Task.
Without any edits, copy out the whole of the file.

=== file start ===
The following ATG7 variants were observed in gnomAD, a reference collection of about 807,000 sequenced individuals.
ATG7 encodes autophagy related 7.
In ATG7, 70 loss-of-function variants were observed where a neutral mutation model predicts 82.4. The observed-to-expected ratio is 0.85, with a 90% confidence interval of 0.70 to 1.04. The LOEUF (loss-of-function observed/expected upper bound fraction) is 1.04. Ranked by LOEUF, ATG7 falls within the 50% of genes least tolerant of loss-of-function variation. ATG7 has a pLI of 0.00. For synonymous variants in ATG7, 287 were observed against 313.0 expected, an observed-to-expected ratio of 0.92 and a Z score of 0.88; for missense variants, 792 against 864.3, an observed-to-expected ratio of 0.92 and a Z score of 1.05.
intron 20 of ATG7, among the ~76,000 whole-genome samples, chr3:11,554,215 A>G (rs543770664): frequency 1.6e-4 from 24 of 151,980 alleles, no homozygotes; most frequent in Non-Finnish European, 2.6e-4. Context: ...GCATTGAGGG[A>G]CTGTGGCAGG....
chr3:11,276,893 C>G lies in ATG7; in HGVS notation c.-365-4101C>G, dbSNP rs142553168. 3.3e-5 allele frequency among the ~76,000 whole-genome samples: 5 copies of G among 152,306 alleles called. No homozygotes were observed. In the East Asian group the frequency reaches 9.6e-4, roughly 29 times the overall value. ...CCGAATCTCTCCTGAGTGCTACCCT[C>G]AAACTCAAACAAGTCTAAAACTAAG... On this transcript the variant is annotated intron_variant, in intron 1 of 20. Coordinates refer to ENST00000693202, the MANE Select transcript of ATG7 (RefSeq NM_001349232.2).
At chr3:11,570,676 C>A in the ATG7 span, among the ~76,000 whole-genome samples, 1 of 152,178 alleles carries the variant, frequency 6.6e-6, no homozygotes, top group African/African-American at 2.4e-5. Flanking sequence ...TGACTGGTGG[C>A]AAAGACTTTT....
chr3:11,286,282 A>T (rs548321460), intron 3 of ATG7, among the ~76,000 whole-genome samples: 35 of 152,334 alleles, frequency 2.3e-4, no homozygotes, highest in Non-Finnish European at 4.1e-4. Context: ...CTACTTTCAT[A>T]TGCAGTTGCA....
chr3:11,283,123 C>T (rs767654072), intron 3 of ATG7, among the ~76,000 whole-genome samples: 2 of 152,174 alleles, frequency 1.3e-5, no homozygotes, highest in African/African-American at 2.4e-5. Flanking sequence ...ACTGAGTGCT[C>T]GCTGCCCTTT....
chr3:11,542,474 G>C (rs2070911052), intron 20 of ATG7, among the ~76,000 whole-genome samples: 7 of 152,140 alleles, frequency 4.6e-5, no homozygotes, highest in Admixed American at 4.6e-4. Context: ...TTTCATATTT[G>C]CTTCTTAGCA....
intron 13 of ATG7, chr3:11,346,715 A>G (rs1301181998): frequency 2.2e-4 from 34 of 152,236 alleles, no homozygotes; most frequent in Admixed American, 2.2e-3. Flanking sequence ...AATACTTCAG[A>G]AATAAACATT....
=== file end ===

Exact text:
The following ATG7 variants were observed in gnomAD, a reference collection of about 807,000 sequenced individuals.
ATG7 encodes autophagy related 7.
In ATG7, 70 loss-of-function variants were observed where a neutral mutation model predicts 82.4. The observed-to-expected ratio is 0.85, with a 90% confidence interval of 0.70 to 1.04. The LOEUF (loss-of-function observed/expected upper bound fraction) is 1.04. Ranked by LOEUF, ATG7 falls within the 50% of genes least tolerant of loss-of-function variation. ATG7 has a pLI of 0.00. For synonymous variants in ATG7, 287 were observed against 313.0 expected, an observed-to-expected ratio of 0.92 and a Z score of 0.88; for missense variants, 792 against 864.3, an observed-to-expected ratio of 0.92 and a Z score of 1.05.
intron 20 of ATG7, among the ~76,000 whole-genome samples, chr3:11,554,215 A>G (rs543770664): frequency 1.6e-4 from 24 of 151,980 alleles, no homozygotes; most frequent in Non-Finnish European, 2.6e-4. Context: ...GCATTGAGGG[A>G]CTGTGGCAGG....
chr3:11,276,893 C>G lies in ATG7; in HGVS notation c.-365-4101C>G, dbSNP rs142553168. 3.3e-5 allele frequency among the ~76,000 whole-genome samples: 5 copies of G among 152,306 alleles called. No homozygotes were observed. In the East Asian group the frequency reaches 9.6e-4, roughly 29 times the overall value. ...CCGAATCTCTCCTGAGTGCTACCCT[C>G]AAACTCAAACAAGTCTAAAACTAAG... On this transcript the variant is annotated intron_variant, in intron 1 of 20. Coordinates refer to ENST00000693202, the MANE Select transcript of ATG7 (RefSeq NM_001349232.2).
At chr3:11,570,676 C>A in the ATG7 span, among the ~76,000 whole-genome samples, 1 of 152,178 alleles carries the variant, frequency 6.6e-6, no homozygotes, top group African/African-American at 2.4e-5. Flanking sequence ...TGACTGGTGG[C>A]AAAGACTTTT....
chr3:11,286,282 A>T (rs548321460), intron 3 of ATG7, among the ~76,000 whole-genome samples: 35 of 152,334 alleles, frequency 2.3e-4, no homozygotes, highest in Non-Finnish European at 4.1e-4. Context: ...CTACTTTCAT[A>T]TGCAGTTGCA....
chr3:11,283,123 C>T (rs767654072), intron 3 of ATG7, among the ~76,000 whole-genome samples: 2 of 152,174 alleles, frequency 1.3e-5, no homozygotes, highest in African/African-American at 2.4e-5. Flanking sequence ...ACTGAGTGCT[C>T]GCTGCCCTTT....
chr3:11,542,474 G>C (rs2070911052), intron 20 of ATG7, among the ~76,000 whole-genome samples: 7 of 152,140 alleles, frequency 4.6e-5, no homozygotes, highest in Admixed American at 4.6e-4. Context: ...TTTCATATTT[G>C]CTTCTTAGCA....
intron 13 of ATG7, chr3:11,346,715 A>G (rs1301181998): frequency 2.2e-4 from 34 of 152,236 alleles, no homozygotes; most frequent in Admixed American, 2.2e-3. Flanking sequence ...AATACTTCAG[A>G]AATAAACATT....